I've since downloaded quite a few game demos and Half-Life 2 episodes. Most recently, I picked up the time-vampire that is Left 4 Dead 2. Even more than Portal, L4D2 has shown me how valuable Steam can truly be. Anyone who has ever downloaded a large patch for a game only to discover that it won't work until you've downloaded and installed several older patch versions first will understand my elation when Left 4 Dead 2 decided it was out of date and downloaded everything it needed on its own. Patcher's purgatory is now a thing of the past. Valve has also rolled out several large updates to the game since my original purchase, and they have all automatically installed without issue or nuisance. I've also had the misfortune of a total system crash and OS reinstall during that time. Being able to point, click, install, and resume killing zombies where I left off is a valuable feature that makes my disc-bound games seem old and busted by comparison.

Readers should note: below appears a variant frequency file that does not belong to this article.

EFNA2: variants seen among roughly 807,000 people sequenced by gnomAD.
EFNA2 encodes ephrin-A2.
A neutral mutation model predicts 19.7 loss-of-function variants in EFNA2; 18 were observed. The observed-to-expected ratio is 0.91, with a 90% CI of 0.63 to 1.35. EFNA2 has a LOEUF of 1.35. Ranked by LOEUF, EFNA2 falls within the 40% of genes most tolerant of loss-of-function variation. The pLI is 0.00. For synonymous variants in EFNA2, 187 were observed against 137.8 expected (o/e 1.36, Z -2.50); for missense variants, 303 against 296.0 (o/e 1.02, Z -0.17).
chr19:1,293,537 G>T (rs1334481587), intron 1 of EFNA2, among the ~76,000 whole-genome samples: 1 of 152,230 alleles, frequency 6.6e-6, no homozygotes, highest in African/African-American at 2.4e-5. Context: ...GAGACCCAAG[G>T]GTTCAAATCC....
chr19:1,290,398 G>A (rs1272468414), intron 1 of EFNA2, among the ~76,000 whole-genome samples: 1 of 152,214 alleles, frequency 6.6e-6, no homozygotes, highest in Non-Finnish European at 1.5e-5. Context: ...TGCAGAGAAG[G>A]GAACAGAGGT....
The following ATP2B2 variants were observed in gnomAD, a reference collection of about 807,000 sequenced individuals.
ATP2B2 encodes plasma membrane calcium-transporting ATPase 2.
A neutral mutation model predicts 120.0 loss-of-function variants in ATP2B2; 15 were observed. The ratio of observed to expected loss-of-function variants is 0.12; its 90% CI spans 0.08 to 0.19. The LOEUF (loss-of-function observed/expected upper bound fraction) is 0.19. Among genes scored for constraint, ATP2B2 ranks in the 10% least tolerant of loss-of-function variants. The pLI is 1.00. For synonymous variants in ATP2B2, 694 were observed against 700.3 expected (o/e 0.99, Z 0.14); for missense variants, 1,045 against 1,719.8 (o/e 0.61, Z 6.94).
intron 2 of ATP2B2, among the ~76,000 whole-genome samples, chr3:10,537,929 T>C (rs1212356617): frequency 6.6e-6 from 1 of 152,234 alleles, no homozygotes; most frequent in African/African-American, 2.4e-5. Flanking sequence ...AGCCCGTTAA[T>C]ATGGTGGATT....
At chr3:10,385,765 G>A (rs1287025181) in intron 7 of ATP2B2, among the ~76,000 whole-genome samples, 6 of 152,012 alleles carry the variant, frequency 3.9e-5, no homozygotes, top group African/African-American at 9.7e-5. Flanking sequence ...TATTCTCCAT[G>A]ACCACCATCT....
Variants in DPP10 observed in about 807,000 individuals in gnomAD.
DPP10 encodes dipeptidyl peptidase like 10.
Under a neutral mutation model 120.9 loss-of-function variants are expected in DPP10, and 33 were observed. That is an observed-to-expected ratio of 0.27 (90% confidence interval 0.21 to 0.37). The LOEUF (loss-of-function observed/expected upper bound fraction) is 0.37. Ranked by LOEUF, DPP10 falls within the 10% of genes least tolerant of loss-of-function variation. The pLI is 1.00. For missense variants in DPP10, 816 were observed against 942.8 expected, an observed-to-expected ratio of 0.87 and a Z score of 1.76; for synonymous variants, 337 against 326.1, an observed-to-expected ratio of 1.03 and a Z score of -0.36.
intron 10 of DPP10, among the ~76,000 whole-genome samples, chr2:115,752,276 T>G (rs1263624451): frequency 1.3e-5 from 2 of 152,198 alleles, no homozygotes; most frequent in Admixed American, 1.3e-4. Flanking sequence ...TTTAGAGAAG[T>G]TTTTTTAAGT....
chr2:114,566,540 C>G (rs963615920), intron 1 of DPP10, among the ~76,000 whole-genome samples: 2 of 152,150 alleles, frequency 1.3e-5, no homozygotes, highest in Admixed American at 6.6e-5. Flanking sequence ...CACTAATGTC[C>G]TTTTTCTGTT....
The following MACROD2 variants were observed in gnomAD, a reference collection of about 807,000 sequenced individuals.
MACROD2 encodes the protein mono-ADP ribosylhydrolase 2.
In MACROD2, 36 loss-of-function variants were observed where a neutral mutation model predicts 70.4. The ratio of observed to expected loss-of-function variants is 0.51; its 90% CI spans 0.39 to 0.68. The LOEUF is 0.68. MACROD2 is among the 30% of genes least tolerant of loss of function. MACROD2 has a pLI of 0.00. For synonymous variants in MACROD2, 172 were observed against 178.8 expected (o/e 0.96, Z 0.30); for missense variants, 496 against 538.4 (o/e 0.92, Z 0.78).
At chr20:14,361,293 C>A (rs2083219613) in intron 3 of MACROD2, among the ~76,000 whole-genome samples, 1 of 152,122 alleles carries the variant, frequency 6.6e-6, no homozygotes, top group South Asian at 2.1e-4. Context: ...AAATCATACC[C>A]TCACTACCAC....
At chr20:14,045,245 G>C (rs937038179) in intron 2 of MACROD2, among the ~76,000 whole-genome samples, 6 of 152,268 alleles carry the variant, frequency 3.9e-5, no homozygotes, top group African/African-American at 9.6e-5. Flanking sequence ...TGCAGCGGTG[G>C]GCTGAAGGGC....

My experience hasn't been all sunshine and third-gen SSDs, though. One thing that particularly frustrates me about Steam is its inability to add most of my retail-bought games to the library. Steam allows you to add shortcuts for any local application on your system, but it doesn't fully integrate them into the Steam ecosystem. It would be nice to enjoy the full Steam experience for games I've already purchased without having to buy them again. Valve does allow this with some games, but it doesn't cover most of what I already own. GRID and Call of Duty 4 are two of my favorite games, and they're often offered for sale on Steam, but there's no way to add my existing licenses to the library and enjoy the same benefits as those who purchase the games through the system. I understand that, because I didn't buy those games from Valve, the company might see little incentive to coughing up the bandwidth required to maintain them. I also don't pretend to know the intricacies of the licensing agreements involved. From the consumer's perspective, however, any additional effort in this regard would be a welcome gesture. Allowing users to bring more of their existing games into Steam would surely promote future purchases using the service.